Oct 08, 2015
BY:
THEME: Point of View

The Power of Repeat Clients

As architects, having the opportunity to explore our creativity and develop ideas to help our clients grow is an incredible experience. As they receive industry-leading thinking and design execution, we also learn and refine our designs to better suit their needs. When working with a client four or five times, as I have done, what do you get? Not only is the designer helping inform the culture of an institution, the culture of the institution is reflected back on us, we truly becoming a part of it.

My experience in the sports and recreation world positions me as someone intimately familiar with the needs of higher education clients day-in and day-out. I’ve researched pool environments in the past, and that kind of expertise only comes from having completed projects in that typology on many occasions. Despite my knowledge, I was not always convinced our end-users (students) gave us much credit for the spaces we design. Yes, our clients, the administrators and boards selecting our work, knew of the high caliber we bring, but in this digital age, and with the pressures of academia more daunting than ever before, I often thought that the physical environment was overlooked. That changed recently.

One morning while waiting outside our (six-time!) repeat client’s office, I was asked by a lost student where their class was located.  Coincidentally, it was the very classroom I had the pleasure of designing and executing for this college.  I happily directed the student to their needed locale and went into my meeting without giving the interaction a second thought.  The sixth time, like the fifth and fourth before it, was certainly a charm. Based on our depth of knowledge of the campus and the design and integration direction the college was going in, I left the meeting knowing they would be a repeat client again. Just as that happened, I passed the very same student in the corridor with a group of colleagues.  As I walked by, the young man was in the process of talking about how the classroom (a close quarters battle/scenario room I have experience with designing) really made the training feel real and helped him visualize his roles and put his learned theory into practice.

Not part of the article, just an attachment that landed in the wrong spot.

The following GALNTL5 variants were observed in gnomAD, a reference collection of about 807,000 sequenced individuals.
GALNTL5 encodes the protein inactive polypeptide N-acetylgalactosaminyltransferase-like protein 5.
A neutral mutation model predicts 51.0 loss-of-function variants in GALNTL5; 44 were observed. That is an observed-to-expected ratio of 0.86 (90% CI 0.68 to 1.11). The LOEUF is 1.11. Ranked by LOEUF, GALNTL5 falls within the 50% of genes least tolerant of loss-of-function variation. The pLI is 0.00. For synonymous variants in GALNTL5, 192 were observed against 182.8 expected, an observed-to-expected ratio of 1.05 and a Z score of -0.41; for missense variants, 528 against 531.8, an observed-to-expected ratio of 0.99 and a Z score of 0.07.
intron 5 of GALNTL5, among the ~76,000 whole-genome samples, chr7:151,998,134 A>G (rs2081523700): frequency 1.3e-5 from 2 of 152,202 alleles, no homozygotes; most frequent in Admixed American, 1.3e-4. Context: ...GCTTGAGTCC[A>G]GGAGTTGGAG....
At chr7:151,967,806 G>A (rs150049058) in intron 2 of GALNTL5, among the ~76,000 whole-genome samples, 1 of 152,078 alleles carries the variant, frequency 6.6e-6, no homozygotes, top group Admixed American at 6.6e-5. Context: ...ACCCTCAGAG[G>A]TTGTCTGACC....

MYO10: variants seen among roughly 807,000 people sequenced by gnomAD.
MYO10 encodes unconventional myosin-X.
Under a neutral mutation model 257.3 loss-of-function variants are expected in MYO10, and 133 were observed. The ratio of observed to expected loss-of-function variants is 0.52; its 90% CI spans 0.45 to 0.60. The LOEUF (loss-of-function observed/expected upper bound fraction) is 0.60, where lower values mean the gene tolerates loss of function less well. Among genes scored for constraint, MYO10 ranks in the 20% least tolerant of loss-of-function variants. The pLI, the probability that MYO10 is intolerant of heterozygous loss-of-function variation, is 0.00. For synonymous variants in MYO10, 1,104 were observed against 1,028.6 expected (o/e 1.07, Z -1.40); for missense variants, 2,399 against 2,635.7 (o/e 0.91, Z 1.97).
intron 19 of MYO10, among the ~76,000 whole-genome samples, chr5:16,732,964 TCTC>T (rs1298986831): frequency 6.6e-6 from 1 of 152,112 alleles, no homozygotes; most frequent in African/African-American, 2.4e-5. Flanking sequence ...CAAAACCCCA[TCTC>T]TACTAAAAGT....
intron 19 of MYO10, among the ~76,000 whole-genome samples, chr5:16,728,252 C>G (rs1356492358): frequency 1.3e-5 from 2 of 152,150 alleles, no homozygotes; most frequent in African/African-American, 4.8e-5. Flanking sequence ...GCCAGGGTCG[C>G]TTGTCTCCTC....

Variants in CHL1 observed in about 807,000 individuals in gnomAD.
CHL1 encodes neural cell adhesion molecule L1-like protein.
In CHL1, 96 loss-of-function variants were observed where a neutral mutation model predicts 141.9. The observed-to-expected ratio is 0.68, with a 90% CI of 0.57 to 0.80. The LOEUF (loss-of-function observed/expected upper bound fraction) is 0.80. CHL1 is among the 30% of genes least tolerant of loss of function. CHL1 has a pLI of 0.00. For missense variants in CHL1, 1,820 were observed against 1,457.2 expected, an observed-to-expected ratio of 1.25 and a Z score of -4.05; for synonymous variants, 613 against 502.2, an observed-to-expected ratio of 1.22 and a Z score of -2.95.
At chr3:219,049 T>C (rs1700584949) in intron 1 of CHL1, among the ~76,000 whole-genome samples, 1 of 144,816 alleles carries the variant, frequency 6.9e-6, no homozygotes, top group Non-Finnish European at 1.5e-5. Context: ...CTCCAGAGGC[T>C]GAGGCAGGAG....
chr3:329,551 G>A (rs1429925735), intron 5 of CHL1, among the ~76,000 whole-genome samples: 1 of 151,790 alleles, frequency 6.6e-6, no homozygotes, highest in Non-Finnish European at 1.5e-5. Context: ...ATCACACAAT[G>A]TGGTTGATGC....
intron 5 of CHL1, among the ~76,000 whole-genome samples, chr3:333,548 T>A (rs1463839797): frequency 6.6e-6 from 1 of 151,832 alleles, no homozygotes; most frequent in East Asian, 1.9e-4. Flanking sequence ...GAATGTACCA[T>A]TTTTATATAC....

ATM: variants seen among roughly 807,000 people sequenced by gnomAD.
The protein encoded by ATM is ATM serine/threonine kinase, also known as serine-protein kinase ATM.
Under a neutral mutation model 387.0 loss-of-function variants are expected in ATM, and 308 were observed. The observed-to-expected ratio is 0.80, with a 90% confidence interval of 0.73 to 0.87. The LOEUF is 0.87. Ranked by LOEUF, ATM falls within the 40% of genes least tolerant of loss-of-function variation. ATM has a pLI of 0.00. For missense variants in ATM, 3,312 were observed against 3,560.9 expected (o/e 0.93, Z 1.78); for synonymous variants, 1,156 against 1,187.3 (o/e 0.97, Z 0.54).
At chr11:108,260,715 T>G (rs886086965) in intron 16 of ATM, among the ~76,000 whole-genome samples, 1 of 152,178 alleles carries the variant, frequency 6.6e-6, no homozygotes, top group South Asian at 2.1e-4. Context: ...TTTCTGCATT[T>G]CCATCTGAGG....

On the days when architecture gets difficult, I think about this experience.  With every interaction, it is a goal to earn the trust of clients, having them become repeat ones, and using that respect to better inform their needs, ultimately creating more passionate students everywhere.

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